Miner of the Iron Hills also could be good. Lol. You “discard” one of your traps in play (for ex. Poisoned Spikes, when the enemy attached is almost dead) and return by Hammersmith or Anborn, and put free in the staging area to the next enemy.

    • Unfortunately the Miner only discards Condition attachments. Now, if we could get an ally/event that lets you discard any attachments, then we’d really be in business!

  13. Tiandes permalink

    What about Master of the forge to grab traps?

  14. Jakub permalink

    Yes, Master of the Forge is great there. And I would always go for Warden of Healing instead of Silvan Tracker (I believe the latter is still lacking synergies).

    • I dearly dream of the day when we can flood the table with Silvan characters and benefit from some amazing Silvan Tracker synergy. Hopefully, this deck won’t be incurring too much damage between an impenetrable Denethor and keeping enemies in the staging area, but against a quest that goes bonkers with direct damage, like The Druadan Forest, I would definitely have to sub the Warden in.

  15. Jakub permalink

    I think the theme already suffers here, or in other words, it cannot be perfectly thematic with the hero line-up, though it is pretty good still.

    • True. The tug-of-war between theme and gameplay is a constant one, and I tend to swing one way or another depending on the deck (and the difficulty of the quest I’m facing!). I kind of imagine the Silvan “forest-y” Elves (like Mirlonde and the Tracker) fitting in with this deck thematically, in the sense that they would work in a very similar fashion to the Ithilien Rangers, although I know that’s a bit of a strange. I think of Denethor giving orders to and directing Faramir, who is getting help from Mirlonde and her band of Elves. Anyway, such are the back-stories we have to create to justify our mash-ups!

  16. Brian permalink

    I’ve been loving this new theme as well. I always build decks in pairs and never build with proxies, so I don’t have Anborn or the newest trap yet, but these two decks have built every scenario so far. (The only hard one I haven’t tried is Battle of Lake Town). These decks have been VERY fun to play!

    Rock and Root (Ranger Decks)

    Deck I

    •Faramir •Mirlonde •Denethor
    Threat 24

    Allies 12
    2x Rivendell Minstrel
    1x Haldir
    1x Gildor
    1x Henemarth Riversong
    1x Gleowine
    3x Ithilien Ranger
    3x Master of the Forge

    Events 11
    3x Gildor’s Council
    2x Advance Warning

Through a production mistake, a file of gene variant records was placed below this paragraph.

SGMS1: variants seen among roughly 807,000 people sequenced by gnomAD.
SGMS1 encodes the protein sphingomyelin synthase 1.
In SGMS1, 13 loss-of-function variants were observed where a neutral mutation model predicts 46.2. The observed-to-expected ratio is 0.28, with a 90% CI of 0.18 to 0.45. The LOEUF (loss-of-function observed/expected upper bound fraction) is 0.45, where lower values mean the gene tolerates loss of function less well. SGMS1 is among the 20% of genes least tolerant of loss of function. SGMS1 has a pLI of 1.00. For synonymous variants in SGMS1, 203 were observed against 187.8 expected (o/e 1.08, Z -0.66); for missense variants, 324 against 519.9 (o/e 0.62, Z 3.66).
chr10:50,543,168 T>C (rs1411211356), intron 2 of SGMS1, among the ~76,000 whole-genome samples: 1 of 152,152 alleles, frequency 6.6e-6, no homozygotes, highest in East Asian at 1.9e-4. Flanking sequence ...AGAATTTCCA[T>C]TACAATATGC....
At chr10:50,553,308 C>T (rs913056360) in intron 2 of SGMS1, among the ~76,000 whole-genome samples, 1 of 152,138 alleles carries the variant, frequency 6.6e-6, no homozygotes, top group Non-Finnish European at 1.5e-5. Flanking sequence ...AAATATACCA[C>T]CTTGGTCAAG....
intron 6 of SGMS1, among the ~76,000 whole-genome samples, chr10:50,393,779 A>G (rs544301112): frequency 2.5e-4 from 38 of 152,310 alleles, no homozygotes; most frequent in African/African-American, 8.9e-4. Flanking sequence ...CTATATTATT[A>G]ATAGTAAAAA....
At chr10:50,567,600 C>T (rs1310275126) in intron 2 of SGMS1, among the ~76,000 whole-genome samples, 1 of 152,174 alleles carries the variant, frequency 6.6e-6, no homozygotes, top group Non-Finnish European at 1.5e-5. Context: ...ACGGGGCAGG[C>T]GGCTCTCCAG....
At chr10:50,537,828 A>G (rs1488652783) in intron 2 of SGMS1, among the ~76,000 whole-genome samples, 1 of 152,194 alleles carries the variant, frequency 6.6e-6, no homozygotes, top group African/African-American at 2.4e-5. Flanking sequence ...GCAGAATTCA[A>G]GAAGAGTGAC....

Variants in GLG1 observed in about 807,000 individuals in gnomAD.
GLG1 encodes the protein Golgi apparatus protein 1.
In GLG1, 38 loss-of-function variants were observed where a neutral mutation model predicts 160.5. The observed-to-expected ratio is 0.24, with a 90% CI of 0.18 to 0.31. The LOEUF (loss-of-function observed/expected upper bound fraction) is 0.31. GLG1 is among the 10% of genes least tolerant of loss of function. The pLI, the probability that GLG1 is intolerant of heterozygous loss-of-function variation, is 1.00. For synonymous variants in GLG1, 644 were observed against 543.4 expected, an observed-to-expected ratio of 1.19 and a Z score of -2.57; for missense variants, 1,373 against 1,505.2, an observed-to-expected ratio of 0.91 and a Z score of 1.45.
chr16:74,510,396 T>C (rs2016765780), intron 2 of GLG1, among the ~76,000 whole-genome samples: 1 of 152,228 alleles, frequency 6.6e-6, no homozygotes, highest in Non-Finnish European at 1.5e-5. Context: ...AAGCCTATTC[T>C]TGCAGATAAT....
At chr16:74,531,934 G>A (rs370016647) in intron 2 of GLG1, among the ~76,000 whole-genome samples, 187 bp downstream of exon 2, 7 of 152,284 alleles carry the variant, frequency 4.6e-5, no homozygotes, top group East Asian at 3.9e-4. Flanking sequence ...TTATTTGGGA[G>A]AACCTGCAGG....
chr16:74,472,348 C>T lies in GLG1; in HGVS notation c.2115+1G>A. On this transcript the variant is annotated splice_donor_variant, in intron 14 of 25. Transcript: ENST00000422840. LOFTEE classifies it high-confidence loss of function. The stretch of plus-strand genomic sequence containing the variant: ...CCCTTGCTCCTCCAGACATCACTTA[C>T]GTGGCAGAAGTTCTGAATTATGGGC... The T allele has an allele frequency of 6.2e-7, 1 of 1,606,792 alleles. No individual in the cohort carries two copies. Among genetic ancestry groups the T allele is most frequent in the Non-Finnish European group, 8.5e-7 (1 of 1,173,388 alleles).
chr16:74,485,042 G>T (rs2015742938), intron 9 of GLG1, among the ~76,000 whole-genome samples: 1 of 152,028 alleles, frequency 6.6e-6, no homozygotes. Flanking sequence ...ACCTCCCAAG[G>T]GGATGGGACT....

3x Mithrandir’s Advice
    3x Daeron’s Runes

    Attachments 27
    1x Love of Tales
    1x Song of Travel
    2x Song of Kings
    3x Burning Brand
    1x Steward of Gondor
    1x Asfaloth
    2x Forest Snare
    3x Ranger Spikes
    3x Ithilien Pit
    3x Ranger Bow
    3x Dunedain Mark
    3x Dunedain Warning
    1x Celebrian’s Stone

    Deck II

    •Beravor •Dunhere •Glorfindel
    Threat 23

    Allies 18
    1x Arwen
    3x Sylvan Refugee
    3x West Road Traveler
    3x Northern Tracker
    1x Gandalf (core)
    1x Gandalf (Hobbit)
    1x Damrod
    2x Ithilien Archer
    3x Warden of Healing

    Events 20
    3x Patrol of the Forest
    3x Infighting
    3x Elrond’s Advice
    3x Test of Will
    1x Hasty Stroke
    2x Stand and Fight
    3x Galadhrim’s Greeting
    2x Dwarven Tomb
    1x Radagast’s Cunning
    3x Secret Paths

    Attachments 6
    1x Light of Valinor
    2x Unexpected Courage
    3x Miruvor
    1x Protector of Lorien

  17. Nice, thanks for posting these decks! I’m particularly interested in the idea of pairing a Dunhere/Spirit deck with a Ranger deck to have maximum staging area attack shenanigans. Very cool. How does Love of Tales work out for resource generation?

    • Brian permalink

      Love of Tales is one of the cards that would be replaced by the BoG cards. I really enjoy finding ways to use underutilized cards though. I developed a house rule in my first weeks of playing that unique cards can only make a single appearance in one of the two decks. It keeps quests a bit more challenging, but its primary benefit lies in the way that I end up using a greater variety of cards in deck construction. It also remains exciting whenever a “power card” like Steward of Gondor shows up. In my games, Stewards aren’t anointed as a matter of course! 🙂

      These two decks give you the lore resources and card draw you need to really have fun with the goodies right out of the gate. Plus you have decent questing, healing, threat decrease, treachery cancelation, and readying effects to maximize your stud of choice.

  18. Mndela permalink

    If you have tactics’ song also is good to include Hail of Stones.

    But a very good idea is…: these are a lot of useless cards that in this deck are great! Infighting (great combo with Poisoned Stakes), A Light in the Dark (spirit), and return enemies to staging area to kill them; Fresh Tracks (leadership) and…. take care!: Beorning Beekeeper!!! lol Cool.

    PD: if you include Master of the Forge, instead, i prefer Expert Treasure-Hunter, it’s cheaper and in this deck is not bad.

  19. Landroval permalink